With reports from hundreds of sub-Saharan African locales of male-male sexual relations and from about fifty of female-female sexual relations, it is clear that same-sex sexual relations existed in traditional African societies, though varying in forms and in the degree of public acceptance
The confrontations between police and demonstrators at the Stonewall Inn in New York City the weekend of June 27-29, 1969 mark the beginning of the modern glbtq movement for equal rights.
A social role for individuals who crossed or mixed male and female characteristics was one of the most widely distributed institutions of native North America.
The sexual revolution of post-World War II America changed sexual and gender roles profoundly.
Mixed-orientation marriages--those in which one partner is straight and the other is gay or lesbian--often end in divorce, but such an ending is not inevitable.
"Leather" is a blanket term for a large array of sexual preferences, identities, relationship structures, and social organizations loosely tied together by the thread of what is conventionally understood as sadomasochistic sex.
Since the late nineteenth century, transgendered people have advocated legal and social reforms that would ameliorate the kinds of oppression and discrimination they suffer.
Formed soon after the Stonewall Riots of 1969, the short-lived but influential Gay Liberation Front brought a new militancy to the movement that became known as gay liberation.
Patricia Ewert (left) and Vernita Gray on NBC Chicago.
Illinois' marriage equality law, which was signed by Governor Quinn on November 20, 2013, will not go into effect until June 2014. However, on November 25, 2013, U.S. District Judge Thomas Durkin ordered Cook County, Illinois to issue a marriage license to a lesbian couple, Vernita Gray and Patricia Ewert, one of whom suffers from a serious illness. The order came in response to an emergency request from Lambda Legal and the ACLU, who are pursuing a marriage equality lawsuit in Illinois. County Clerk David Orr said that he would comply with the order.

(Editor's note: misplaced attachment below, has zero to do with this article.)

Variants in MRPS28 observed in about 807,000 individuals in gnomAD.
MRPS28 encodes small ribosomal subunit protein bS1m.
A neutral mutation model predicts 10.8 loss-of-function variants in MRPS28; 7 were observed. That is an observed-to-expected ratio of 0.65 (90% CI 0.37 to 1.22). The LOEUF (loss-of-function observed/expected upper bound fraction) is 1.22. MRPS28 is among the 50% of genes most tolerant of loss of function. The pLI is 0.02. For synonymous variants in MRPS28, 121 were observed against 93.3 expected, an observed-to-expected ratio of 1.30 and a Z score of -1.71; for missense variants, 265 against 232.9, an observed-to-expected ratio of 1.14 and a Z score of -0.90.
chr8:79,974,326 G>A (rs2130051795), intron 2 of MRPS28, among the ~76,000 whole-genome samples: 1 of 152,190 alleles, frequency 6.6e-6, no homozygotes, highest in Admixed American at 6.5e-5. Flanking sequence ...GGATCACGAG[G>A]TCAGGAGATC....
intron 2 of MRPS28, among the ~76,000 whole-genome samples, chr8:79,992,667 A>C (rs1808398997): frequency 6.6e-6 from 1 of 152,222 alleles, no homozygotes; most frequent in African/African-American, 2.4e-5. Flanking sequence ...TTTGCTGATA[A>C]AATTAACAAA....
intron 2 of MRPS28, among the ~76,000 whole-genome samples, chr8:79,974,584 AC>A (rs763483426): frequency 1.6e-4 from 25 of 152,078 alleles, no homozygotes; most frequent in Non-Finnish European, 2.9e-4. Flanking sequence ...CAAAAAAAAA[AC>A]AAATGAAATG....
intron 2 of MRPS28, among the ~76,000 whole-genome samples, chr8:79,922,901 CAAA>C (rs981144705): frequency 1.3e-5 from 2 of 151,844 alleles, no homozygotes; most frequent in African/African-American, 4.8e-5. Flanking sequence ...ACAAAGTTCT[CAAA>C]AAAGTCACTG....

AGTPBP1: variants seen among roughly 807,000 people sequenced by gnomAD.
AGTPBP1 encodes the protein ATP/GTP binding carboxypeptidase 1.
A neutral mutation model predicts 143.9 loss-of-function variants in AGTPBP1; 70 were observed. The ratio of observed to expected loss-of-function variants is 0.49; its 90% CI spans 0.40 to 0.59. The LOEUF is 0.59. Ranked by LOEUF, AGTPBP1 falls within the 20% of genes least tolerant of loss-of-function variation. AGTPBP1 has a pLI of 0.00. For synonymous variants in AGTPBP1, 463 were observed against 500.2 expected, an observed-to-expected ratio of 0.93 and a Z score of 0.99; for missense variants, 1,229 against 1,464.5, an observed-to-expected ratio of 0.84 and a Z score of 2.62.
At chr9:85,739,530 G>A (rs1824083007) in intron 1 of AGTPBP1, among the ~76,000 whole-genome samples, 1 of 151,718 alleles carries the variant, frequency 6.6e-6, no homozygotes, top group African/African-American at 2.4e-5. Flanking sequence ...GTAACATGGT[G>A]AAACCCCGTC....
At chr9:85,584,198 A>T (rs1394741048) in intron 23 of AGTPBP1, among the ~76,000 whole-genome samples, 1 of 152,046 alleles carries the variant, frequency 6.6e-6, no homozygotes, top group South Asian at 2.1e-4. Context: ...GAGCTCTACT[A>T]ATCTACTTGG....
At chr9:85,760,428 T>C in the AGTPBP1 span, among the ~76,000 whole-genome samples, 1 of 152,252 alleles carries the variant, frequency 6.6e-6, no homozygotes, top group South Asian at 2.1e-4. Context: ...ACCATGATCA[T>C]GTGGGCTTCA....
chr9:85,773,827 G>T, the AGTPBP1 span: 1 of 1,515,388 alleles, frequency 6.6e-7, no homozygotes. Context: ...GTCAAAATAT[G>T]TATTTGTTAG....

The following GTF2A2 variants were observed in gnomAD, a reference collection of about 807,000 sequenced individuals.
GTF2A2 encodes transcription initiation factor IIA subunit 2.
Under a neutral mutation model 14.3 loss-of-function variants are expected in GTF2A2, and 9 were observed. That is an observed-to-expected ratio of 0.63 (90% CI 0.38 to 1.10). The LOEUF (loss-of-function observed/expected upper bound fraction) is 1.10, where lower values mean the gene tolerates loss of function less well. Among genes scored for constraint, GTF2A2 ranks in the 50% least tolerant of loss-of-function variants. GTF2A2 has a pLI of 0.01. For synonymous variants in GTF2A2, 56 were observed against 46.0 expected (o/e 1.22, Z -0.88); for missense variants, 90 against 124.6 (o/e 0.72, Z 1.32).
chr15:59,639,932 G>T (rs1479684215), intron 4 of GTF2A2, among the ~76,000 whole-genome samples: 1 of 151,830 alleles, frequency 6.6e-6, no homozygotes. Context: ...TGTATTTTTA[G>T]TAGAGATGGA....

As Mary Ann Ahern reported for NBC Chicago, Vernita Gray, who suffers from bone and brain cancer, was delighted with the news. "I was stunned, and I'm still stunned," she said, "It's like Christmas, my birthday, the tooth fairy all rolled into one."
Gary and Ewert, who have been a couple for five years, plan to marry this week.
Although Illinois' law will permit same-sex couples to get marriage licenses as of June 1, 2014, Gray has been diagnosed as terminal and may not survive until June.
"Seven months means a lot to me at this point in my life," she said. "It really does. Seven days means a lot to me right now. Every day is a gift."
Lambda Legal's Camilla Taylor said, "These two women, who have loved and cared for each other in good times and bad, through sickness and through health, will get to know what it means to be married."
Orr confirmed that his office will expedite a marriage license for Gray and Taylor. He said his office routinely provides such a service to heterosexual couples in similar situations.
NBC Chicago reports on the expedited marriage license in the video below.